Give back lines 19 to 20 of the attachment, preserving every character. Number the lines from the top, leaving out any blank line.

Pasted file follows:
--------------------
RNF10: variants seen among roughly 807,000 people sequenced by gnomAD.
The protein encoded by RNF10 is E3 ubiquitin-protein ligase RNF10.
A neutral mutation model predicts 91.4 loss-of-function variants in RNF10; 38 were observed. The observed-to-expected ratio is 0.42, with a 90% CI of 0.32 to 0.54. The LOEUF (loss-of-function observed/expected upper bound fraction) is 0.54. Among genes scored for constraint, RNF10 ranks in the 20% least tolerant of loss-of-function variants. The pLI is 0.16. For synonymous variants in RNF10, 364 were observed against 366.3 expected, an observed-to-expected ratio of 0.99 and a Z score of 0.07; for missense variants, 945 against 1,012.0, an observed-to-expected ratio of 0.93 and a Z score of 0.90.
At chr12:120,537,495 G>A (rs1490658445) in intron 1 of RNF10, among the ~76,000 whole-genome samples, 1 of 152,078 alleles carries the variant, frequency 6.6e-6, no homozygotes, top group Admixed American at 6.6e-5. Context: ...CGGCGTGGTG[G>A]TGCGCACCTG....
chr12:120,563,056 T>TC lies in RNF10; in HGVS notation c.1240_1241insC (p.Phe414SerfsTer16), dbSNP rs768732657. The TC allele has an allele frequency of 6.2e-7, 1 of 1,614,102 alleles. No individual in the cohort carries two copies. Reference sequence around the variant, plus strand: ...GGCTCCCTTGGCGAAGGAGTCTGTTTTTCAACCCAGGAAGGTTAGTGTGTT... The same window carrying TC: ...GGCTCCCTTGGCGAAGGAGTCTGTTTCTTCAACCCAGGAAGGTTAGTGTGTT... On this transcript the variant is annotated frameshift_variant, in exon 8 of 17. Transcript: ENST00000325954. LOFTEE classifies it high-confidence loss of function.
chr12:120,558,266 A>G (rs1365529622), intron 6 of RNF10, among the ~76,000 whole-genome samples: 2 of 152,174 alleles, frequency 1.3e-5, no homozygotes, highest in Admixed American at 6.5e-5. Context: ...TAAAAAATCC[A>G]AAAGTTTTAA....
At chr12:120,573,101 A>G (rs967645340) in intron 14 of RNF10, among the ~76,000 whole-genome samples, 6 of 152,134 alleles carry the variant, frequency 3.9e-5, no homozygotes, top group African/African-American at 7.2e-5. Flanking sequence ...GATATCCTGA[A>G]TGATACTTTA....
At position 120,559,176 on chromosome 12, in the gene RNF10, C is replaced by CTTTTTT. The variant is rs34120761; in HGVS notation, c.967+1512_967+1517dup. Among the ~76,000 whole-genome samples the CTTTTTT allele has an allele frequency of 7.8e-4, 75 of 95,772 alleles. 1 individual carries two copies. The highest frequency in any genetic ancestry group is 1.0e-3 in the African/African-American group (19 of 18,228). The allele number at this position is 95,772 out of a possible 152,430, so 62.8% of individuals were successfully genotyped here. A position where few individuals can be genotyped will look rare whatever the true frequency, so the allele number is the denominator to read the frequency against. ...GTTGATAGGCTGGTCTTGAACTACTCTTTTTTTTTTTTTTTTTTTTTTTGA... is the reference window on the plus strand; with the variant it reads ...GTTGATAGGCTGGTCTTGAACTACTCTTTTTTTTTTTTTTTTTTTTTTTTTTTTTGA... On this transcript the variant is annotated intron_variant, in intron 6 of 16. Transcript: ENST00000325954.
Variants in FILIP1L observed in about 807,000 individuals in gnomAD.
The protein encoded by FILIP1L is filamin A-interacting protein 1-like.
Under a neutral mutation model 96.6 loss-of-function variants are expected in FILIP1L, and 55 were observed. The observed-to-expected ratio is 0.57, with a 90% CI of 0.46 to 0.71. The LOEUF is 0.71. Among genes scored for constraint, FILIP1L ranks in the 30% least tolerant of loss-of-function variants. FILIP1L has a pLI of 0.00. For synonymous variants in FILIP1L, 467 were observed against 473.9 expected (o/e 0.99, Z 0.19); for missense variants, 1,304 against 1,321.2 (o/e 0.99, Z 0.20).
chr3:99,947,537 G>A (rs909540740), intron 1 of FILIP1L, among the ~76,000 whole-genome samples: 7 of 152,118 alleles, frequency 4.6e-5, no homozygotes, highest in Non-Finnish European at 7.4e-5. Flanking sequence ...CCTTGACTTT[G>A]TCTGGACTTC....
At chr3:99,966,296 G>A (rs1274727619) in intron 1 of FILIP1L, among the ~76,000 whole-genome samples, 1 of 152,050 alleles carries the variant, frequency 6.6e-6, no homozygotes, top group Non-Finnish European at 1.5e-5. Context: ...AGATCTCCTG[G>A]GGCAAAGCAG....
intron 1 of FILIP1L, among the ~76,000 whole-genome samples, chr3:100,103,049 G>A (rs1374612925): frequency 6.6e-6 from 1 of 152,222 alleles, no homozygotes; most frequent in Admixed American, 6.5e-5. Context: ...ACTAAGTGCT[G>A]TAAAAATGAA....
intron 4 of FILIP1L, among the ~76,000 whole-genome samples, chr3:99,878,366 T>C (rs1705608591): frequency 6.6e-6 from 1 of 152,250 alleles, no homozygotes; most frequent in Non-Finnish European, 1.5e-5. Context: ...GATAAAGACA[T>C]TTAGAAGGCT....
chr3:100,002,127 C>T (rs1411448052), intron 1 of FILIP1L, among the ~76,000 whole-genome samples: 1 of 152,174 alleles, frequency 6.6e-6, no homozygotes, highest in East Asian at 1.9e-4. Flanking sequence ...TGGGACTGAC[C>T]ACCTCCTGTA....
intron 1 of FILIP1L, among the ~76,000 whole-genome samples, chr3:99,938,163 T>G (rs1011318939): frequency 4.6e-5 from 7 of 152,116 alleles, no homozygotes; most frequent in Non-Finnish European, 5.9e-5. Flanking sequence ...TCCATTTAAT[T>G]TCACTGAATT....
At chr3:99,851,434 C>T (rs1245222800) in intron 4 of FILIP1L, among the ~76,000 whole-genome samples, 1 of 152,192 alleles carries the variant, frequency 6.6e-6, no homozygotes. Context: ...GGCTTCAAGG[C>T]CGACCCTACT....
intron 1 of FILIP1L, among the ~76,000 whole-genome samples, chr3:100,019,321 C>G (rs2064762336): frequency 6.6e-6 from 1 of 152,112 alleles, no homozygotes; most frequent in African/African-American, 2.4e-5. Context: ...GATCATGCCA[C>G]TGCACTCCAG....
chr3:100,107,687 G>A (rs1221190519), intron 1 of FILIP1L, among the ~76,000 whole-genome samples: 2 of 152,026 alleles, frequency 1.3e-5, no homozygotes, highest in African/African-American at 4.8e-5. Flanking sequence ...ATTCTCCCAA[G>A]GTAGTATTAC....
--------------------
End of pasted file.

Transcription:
intron 1 of FILIP1L, among the ~76,000 whole-genome samples, chr3:100,019,321 C>G (rs2064762336): frequency 6.6e-6 from 1 of 152,112 alleles, no homozygotes; most frequent in African/African-American, 2.4e-5. Context: ...GATCATGCCA[C>G]TGCACTCCAG....
chr3:100,107,687 G>A (rs1221190519), intron 1 of FILIP1L, among the ~76,000 whole-genome samples: 2 of 152,026 alleles, frequency 1.3e-5, no homozygotes, highest in African/African-American at 4.8e-5. Flanking sequence ...ATTCTCCCAA[G>A]GTAGTATTAC....